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University of Pittsburgh at Johnstown

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1966–present. 450 School House Rd.

The University of Pittsburgh at Johnstown is a four-year degree-granting institution with over 2,000 students on its suburban 650-acre campus. It began in 1927 as a two-year feeder college that was housed in a former high school and in several commercial buildings in downtown Johnstown. In the mid-1960s, a local coal company donated 136 acres of wooded land in Richland Township to the university, and the architectural firm of Hunter, Campbell and Rea of Altoona designed a student union, two gable-roofed classroom buildings, and three dormitories of wood and stone veneer. Between its opening in 1967 and 1993, nine new dormitories, library, sports center, aquatic center, chapel, and performing arts center were built, bringing the total number of buildings on campus to thirty-two and the acreage to 455. Landscape architects Sasaki Associates of Boston developed a master plan in 1990 to organize the growth process and take advantage of the unique natural environment.

In 1976 and 1978, Urban Design Associates of Pittsburgh designed seven “lodges,” or small living units, with kitchenettes. Zamias Aquatic Center (1990) was designed by L. Robert Kimball and Associates from Ebensburg. Certainly the crown jewel of the wooded campus, and the building used regularly by the general Johnstown population, is the Pasquerilla Performing Arts Center, designed by Damianos Brown and Andrews of Pittsburgh from 1990 to 1991. The 1,000-seat theater borrows directly from Frank Pasquerilla's Crown American headquarters designed by Michael Graves ( CA20), with its rhythmic fenestration and columned entrance rotunda. The building also houses the Johnstown branch of the Southern Alleghenies Museum of Art, which has three other sites, in Ligonier (see WE31), Loretto (see CA5), and Altoona (see BL10).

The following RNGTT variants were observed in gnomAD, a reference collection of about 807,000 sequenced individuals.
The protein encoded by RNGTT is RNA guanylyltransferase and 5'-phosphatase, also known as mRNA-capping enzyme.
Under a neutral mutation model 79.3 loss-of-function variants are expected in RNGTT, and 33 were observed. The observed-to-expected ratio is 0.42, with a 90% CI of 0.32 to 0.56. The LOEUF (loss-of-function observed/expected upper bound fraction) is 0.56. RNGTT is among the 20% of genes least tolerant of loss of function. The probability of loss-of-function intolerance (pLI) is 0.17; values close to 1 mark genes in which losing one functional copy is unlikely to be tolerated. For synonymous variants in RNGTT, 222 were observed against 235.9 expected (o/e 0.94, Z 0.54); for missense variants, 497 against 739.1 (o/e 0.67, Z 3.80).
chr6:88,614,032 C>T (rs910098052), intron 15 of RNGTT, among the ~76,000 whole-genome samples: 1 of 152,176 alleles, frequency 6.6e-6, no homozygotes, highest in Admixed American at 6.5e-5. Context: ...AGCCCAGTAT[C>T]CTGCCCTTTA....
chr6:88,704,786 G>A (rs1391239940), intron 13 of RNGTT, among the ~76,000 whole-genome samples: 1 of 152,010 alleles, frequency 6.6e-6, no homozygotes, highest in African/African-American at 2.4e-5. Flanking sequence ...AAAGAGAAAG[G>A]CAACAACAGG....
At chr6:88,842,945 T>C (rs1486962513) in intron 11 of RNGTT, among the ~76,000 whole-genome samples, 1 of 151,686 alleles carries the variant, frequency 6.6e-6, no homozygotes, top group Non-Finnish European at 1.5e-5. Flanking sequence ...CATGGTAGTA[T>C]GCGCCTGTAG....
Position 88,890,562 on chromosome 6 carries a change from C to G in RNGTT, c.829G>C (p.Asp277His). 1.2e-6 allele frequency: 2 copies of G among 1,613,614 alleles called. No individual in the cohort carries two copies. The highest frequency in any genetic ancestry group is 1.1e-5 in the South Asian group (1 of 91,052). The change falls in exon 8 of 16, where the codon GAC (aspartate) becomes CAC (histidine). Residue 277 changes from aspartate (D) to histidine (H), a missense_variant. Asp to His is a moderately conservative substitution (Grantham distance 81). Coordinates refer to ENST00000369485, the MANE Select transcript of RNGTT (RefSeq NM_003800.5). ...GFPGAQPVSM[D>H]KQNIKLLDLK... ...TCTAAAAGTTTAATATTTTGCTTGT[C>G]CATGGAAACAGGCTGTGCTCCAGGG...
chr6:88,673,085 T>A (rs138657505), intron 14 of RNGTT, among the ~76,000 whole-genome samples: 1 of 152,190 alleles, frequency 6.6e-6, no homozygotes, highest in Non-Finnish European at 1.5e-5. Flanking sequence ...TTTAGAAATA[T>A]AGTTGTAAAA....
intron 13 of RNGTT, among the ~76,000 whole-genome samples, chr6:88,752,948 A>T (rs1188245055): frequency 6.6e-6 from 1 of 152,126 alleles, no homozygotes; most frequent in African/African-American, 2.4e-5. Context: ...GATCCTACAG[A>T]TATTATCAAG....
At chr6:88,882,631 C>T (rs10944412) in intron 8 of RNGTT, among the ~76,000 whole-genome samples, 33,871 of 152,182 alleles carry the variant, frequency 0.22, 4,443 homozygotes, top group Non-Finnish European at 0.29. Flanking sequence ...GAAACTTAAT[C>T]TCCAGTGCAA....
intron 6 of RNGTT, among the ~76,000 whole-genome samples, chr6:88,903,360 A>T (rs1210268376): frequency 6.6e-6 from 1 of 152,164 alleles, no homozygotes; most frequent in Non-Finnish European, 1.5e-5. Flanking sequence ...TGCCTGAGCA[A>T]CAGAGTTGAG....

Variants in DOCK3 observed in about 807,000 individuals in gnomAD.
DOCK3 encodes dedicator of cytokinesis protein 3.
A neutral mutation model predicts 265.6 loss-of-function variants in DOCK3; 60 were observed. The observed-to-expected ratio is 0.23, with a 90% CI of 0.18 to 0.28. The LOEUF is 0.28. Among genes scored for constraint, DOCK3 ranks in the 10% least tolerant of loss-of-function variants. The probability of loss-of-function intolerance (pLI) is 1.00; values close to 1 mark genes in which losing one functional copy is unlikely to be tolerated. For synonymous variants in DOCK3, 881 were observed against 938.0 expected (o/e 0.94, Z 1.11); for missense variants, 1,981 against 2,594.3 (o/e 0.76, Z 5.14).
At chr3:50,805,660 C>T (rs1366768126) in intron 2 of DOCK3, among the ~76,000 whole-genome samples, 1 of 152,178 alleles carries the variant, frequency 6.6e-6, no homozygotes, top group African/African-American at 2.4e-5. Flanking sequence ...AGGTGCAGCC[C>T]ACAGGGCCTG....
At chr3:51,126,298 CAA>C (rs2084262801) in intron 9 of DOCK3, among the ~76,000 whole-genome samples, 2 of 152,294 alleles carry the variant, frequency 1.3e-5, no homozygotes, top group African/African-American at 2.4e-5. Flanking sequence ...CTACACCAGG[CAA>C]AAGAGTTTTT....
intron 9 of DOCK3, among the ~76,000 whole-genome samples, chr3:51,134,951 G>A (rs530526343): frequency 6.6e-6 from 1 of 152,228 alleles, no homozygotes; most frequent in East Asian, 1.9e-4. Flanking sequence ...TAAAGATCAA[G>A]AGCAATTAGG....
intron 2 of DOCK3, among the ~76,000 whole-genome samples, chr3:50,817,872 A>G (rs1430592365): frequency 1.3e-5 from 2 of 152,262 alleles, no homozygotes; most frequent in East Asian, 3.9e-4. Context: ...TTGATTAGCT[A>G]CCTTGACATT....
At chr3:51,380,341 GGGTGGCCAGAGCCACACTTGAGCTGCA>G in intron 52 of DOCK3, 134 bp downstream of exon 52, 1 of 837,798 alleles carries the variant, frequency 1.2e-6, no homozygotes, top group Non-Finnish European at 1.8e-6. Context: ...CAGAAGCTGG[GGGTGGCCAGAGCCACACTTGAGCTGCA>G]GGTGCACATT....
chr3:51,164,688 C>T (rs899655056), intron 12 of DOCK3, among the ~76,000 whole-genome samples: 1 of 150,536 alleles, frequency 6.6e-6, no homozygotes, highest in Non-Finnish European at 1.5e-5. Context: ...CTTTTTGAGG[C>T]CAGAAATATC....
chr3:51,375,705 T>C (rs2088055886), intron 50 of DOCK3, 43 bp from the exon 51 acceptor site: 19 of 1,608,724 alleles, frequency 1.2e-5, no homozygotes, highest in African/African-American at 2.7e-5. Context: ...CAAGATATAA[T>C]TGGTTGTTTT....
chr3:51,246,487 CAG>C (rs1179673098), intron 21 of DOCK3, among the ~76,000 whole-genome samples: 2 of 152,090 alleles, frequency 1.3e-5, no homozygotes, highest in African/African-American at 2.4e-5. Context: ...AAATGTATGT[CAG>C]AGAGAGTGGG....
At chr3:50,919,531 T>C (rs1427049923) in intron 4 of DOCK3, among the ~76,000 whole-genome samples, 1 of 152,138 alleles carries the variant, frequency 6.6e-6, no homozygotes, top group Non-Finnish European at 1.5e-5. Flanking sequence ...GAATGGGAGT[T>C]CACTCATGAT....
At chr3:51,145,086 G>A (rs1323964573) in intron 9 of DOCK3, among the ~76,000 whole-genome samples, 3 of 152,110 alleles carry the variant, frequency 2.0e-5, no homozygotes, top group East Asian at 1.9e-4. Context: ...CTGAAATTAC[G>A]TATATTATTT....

Writing Credits

Author: 
Lu Donnelly et al.
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Citation

Lu Donnelly et al., "University of Pittsburgh at Johnstown", [Johnstown, Pennsylvania], SAH Archipedia, eds. Gabrielle Esperdy and Karen Kingsley, Charlottesville: UVaP, 2012—, http://sah-archipedia.org/buildings/PA-01-CA28.

Print Source

Cover: Buildings of PA vol 1

Buildings of Pennsylvania: Pittsburgh and Western Pennsylvania, Lu Donnelly, H. David Brumble IV, and Franklin Toker. Charlottesville: University of Virginia Press, 2010, 319-319.

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